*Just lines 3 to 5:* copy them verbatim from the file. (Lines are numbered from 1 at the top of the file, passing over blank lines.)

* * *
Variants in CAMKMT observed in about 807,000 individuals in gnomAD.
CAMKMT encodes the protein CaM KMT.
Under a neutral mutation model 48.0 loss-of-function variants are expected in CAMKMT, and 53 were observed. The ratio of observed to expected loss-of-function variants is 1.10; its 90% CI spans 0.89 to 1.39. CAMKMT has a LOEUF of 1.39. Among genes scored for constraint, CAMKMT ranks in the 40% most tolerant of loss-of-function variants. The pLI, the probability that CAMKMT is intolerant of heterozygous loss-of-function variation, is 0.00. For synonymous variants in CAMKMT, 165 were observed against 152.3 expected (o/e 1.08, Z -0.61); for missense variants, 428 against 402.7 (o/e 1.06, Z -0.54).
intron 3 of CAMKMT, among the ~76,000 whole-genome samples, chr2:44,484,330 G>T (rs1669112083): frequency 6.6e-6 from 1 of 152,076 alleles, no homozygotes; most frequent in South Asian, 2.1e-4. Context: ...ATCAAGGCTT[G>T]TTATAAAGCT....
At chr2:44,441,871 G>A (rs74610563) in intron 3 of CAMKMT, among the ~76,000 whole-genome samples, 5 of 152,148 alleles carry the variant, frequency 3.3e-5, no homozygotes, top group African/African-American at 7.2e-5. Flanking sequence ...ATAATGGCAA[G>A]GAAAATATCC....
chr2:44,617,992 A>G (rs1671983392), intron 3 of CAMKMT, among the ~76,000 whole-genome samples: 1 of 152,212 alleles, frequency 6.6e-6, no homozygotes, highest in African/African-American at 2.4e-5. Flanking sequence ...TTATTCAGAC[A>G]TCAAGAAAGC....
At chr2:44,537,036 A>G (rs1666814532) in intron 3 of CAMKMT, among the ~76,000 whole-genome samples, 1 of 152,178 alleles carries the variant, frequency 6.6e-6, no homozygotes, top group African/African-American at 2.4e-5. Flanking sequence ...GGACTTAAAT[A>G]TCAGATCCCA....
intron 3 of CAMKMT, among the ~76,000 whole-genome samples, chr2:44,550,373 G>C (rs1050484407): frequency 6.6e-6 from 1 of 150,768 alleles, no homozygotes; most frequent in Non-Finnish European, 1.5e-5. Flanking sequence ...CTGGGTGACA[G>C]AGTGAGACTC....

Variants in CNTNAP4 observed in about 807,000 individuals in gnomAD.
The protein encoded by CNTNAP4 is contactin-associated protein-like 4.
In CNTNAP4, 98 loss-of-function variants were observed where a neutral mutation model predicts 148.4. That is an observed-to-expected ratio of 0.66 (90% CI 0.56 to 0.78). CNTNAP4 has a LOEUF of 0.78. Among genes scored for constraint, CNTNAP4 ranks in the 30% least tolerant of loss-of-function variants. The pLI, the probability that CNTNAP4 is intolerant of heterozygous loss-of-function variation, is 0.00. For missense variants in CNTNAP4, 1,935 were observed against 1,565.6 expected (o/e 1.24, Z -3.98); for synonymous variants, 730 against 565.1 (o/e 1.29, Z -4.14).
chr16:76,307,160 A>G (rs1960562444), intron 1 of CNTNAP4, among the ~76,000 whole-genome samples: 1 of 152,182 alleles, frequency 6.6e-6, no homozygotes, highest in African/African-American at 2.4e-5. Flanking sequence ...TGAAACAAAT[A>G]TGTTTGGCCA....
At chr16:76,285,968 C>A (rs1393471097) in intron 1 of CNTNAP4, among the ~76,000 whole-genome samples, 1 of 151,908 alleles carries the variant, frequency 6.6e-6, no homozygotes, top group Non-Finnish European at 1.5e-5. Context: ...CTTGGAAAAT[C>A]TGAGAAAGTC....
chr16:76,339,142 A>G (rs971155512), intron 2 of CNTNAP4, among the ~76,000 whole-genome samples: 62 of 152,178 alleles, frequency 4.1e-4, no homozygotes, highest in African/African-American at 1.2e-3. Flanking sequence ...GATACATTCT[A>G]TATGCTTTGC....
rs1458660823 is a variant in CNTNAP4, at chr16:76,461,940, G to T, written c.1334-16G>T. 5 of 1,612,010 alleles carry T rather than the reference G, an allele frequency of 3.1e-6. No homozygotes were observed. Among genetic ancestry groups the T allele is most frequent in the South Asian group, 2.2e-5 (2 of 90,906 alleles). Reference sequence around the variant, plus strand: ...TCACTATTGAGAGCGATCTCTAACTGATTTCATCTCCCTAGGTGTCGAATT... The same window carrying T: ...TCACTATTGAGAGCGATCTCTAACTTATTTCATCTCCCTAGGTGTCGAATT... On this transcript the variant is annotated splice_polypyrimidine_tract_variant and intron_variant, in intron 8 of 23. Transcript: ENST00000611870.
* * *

Under a neutral mutation model 48.0 loss-of-function variants are expected in CAMKMT, and 53 were observed. The ratio of observed to expected loss-of-function variants is 1.10; its 90% CI spans 0.89 to 1.39. CAMKMT has a LOEUF of 1.39. Among genes scored for constraint, CAMKMT ranks in the 40% most tolerant of loss-of-function variants. The pLI, the probability that CAMKMT is intolerant of heterozygous loss-of-function variation, is 0.00. For synonymous variants in CAMKMT, 165 were observed against 152.3 expected (o/e 1.08, Z -0.61); for missense variants, 428 against 402.7 (o/e 1.06, Z -0.54).
intron 3 of CAMKMT, among the ~76,000 whole-genome samples, chr2:44,484,330 G>T (rs1669112083): frequency 6.6e-6 from 1 of 152,076 alleles, no homozygotes; most frequent in South Asian, 2.1e-4. Context: ...ATCAAGGCTT[G>T]TTATAAAGCT....
At chr2:44,441,871 G>A (rs74610563) in intron 3 of CAMKMT, among the ~76,000 whole-genome samples, 5 of 152,148 alleles carry the variant, frequency 3.3e-5, no homozygotes, top group African/African-American at 7.2e-5. Flanking sequence ...ATAATGGCAA[G>A]GAAAATATCC....